Informed and rounded perspective incorporates view from ship and shore
Only now is much of Australia appreciating the impact of Cook’s arrival on the First Peoples
In the collection of the National Museum of Australia in Canberra is an embroidered silk sampler, fashioned by hand in the late 18th or early 19th century, that maps the voyages of maritime explorer James Cook.
The needlework was made by a young Englishwoman who painstakingly drew her map on silk to a pattern based on Cook’s charts of the Pacific. Her delicate embroidery reveals the popular motivation to memorialise the seafarer’s feats, which grew in fame in the years after his death in 1779.
Cook’s place in history is assured by the scale of his achievements in navigating halfway round the world and mapping the Pacific on three successive voy- ages of exploration. Not just in Britain and Australia but in New Zealand, Europe, North America and around the world, Cook’s name is honoured and revered.
I am old enough to remember the 200th anniversary celebrations of Cook’s 1770 voyage along the east coast of the Australian continent in the Endeavour. Like many other children of my generation, I was given a 50c commemorative coin that marked the bicentennial of what was widely understood as a foundational moment in the nation’s history.
Now, on the back of national discussion about Cook, and with the 250th anniversary of the Endeavour voyage approaching, it is timely to consider how we might best memorialise this history, in all its dimensions. If nothing else, the impassioned debate of recent weeks has shown just how much we care about our past.
The anniversary to come, in 2020, allows us to profitably revisit the view from the ship, one that is predominantly drawn from the journals and accounts of Cook, gentleman naturalist Joseph Banks and other crew members. But we also have a historic opportunity to consider the view from the shore, and to tell the stories of the First Peoples who had lived on the continent for many thousands of years before the Endeavour’s arrival.
How should we properly honour and pay tribute to those along the east coast of the continent who witnessed the ship’s passage and encountered the crew, notably at Botany Bay and Endeavour River? After all, their descendants are with us today, proud inheritors of the world’s oldest continuous living cultures whose stories of the continent stretch back at least 65,000 years, based on the latest evidence.
We cannot, and should not, shy away from the fact the first encounter, at the place we now call Kurnell, was marked by violence that reverberates still in the nation’s memory. That first fateful meeting stands as an emblem of the failure of dialogue that characterised so much of what was to come.
At Cooktown, by contrast, the meeting of those from the ship with the people ashore was mark- edly different. The local Aboriginal people, the Guugu Yimithirr, tell the story of an elder’s efforts to avoid conflict and make peace with Cook and his crew, who had been forced to careen the Endeavour for repairs after it was holed on the Great Barrier Reef. It is, they say proudly, the first act of reconciliation between this nation’s first and settler peoples.
Understanding these complex interactions demands the best part of ourselves.
The view from the shore — one left largely unknown and ignored by the conventional historical record — deserves our attention and reflection today. It is incumbent on us to search for ways of knowing and acknowledging those people who experienced the Endeavour’s journey along the coast. How did Cook’s visit and his legacy affect their lives?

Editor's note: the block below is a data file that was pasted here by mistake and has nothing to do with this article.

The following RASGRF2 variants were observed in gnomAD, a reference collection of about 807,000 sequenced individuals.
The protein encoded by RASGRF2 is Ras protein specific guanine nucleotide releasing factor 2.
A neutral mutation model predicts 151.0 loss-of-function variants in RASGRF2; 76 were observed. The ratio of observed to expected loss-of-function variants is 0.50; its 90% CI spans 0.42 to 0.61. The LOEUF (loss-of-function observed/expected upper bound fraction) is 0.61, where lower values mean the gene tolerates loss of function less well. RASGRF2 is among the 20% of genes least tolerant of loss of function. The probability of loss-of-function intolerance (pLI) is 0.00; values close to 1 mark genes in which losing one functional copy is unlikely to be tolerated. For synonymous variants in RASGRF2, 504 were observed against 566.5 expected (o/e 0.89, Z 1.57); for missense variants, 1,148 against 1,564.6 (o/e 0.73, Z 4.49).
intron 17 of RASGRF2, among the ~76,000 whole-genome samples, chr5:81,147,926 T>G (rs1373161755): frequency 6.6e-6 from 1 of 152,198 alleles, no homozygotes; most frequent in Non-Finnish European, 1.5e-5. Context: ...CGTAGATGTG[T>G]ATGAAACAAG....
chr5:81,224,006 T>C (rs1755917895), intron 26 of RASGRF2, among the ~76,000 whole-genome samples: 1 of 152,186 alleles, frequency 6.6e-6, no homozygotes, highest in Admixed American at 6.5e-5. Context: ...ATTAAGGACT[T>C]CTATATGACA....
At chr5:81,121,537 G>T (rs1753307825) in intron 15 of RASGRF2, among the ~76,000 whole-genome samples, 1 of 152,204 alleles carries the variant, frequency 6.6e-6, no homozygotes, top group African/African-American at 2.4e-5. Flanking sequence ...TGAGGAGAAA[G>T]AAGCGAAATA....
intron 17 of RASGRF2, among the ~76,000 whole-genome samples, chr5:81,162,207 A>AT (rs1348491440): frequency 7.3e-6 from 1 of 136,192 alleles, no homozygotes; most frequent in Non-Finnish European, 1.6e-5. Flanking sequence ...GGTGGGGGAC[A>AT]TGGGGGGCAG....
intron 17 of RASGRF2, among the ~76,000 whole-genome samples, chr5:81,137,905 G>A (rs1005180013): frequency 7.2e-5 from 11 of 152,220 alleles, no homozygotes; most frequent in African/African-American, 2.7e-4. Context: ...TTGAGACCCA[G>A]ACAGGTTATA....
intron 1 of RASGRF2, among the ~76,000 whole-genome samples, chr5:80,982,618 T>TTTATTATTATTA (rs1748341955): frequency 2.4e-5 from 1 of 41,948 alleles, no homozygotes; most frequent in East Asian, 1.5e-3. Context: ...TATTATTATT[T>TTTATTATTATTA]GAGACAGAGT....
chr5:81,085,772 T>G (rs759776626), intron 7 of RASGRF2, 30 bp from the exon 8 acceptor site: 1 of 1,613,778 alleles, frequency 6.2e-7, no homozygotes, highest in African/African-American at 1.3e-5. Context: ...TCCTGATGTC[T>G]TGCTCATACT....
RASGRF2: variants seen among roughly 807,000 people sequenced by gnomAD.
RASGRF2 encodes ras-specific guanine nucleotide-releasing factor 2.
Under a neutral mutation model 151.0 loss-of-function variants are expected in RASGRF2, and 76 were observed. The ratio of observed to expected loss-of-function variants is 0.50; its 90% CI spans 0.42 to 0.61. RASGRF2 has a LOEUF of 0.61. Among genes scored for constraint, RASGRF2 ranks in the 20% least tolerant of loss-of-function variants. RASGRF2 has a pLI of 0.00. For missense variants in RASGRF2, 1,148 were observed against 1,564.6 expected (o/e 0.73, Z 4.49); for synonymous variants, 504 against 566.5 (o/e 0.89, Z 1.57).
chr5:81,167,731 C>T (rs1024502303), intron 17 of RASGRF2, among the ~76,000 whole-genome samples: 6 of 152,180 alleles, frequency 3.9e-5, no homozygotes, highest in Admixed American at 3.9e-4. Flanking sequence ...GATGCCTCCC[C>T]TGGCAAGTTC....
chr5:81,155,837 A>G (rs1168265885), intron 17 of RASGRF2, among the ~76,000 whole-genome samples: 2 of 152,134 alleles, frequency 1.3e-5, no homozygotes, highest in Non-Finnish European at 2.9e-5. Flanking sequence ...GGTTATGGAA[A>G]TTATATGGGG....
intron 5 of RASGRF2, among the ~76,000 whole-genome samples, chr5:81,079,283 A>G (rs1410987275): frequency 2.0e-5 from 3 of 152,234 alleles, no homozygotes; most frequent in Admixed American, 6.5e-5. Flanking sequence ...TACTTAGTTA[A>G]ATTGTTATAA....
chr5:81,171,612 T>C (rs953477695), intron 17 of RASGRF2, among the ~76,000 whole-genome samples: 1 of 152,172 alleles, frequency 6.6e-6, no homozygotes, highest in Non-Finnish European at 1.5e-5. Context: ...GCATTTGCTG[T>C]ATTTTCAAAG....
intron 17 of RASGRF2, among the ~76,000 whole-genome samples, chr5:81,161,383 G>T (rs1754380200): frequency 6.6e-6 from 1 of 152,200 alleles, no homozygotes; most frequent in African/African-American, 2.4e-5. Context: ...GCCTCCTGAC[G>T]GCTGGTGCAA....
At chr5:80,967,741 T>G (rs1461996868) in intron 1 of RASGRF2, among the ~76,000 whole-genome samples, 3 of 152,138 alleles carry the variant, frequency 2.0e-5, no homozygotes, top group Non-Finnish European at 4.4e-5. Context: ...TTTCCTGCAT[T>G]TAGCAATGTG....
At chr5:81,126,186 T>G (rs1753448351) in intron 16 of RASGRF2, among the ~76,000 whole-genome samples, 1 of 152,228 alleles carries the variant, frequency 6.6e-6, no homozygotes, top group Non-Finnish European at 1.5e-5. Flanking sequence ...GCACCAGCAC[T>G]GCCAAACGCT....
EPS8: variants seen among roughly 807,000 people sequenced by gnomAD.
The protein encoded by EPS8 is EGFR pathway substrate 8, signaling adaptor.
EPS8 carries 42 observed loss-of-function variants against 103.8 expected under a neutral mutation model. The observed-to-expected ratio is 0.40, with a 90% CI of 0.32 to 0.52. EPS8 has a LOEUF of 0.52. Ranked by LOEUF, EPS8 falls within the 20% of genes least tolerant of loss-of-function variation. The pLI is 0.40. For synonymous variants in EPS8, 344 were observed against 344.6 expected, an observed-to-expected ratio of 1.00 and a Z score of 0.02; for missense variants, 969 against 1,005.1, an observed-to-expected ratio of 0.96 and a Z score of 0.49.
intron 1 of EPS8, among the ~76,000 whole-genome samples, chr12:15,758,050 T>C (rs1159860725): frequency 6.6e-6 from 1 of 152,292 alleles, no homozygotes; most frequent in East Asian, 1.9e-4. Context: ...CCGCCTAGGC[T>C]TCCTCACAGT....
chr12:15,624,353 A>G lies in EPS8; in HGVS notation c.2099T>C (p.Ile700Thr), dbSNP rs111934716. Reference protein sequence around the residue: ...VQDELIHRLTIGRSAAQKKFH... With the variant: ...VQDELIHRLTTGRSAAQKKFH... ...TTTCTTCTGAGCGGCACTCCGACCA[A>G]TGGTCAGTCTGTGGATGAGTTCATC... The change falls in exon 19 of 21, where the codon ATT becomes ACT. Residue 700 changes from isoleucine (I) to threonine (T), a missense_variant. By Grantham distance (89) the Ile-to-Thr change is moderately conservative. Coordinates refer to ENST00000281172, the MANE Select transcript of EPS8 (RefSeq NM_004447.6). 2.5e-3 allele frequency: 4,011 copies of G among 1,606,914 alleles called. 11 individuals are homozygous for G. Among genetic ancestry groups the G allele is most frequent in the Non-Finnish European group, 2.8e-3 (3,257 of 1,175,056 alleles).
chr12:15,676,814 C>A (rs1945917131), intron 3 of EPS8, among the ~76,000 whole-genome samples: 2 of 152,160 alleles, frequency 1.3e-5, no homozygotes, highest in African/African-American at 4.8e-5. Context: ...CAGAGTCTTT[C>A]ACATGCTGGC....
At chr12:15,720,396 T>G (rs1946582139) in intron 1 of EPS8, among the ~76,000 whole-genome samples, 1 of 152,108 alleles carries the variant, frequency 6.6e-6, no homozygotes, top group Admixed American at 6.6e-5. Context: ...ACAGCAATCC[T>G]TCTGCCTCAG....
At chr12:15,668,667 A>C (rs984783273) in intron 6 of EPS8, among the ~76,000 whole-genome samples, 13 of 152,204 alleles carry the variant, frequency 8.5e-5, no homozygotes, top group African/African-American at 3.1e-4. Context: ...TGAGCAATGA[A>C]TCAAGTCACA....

At the National Museum, we are constantly looking at how we can use objects to reveal the past. The silk sampler speaks eloquently of the time in which it was made and shows us how Cook’s contemporaries came to value his achievements. That knowledge does not preclude us from focusing today on things that detail our understanding of the view from the shore. We can honour Cook and his achievements, and acknowledge the impact of 1770 and all that came after on Australia’s First Peoples. One does not negate the other.
Historical understanding proceeds through a process of accretion, not erasure. Nor is it a question of choosing between one perspective or another. The sampler remains an important popular reflection on Cook’s seafaring and navigational enterprise. His was one of the great undertakings of the Enlightenment age. Our challenge is to add to this narrative in ways that honour the cultures and experiences of indigenous Australians, as well as those of Cook and his crew.
I am reminded of the words of Muran elder Don Christophersen, of the Cobourg Peninsula, who contributed to the National Museum’s groundbreaking Encounters exhibition of early Aboriginal and Torres Strait Islander artefacts from the British Museum in 2015.
“I think with any story about anything you need all the angles,” he said, “and for so long it’s always been the person who collected, the person who could write, the person who could construct all that information, they were the ones who told stories, and kept the information, kept the materials … You have to listen to both versions, the indigenous version of our history and the non-indigenous version of our history, because they’re both telling the truth but they’re both not the same story.”
I often reflect on these sentiments and those of many other Australians who want to embrace our history with all its richness, diversity and challenge. Ours is a compelling story with its own unique and distinctive qualities. We have the opportunity now to remember Cook’s voyage in ways that allow us to present all the angles and cherish every dimension of this remarkable tale.
If nothing else, the impassioned debate of recent weeks has shown just how much we care about our past
An embroidered silk sampler in the National Museum memorialises Cook’s feats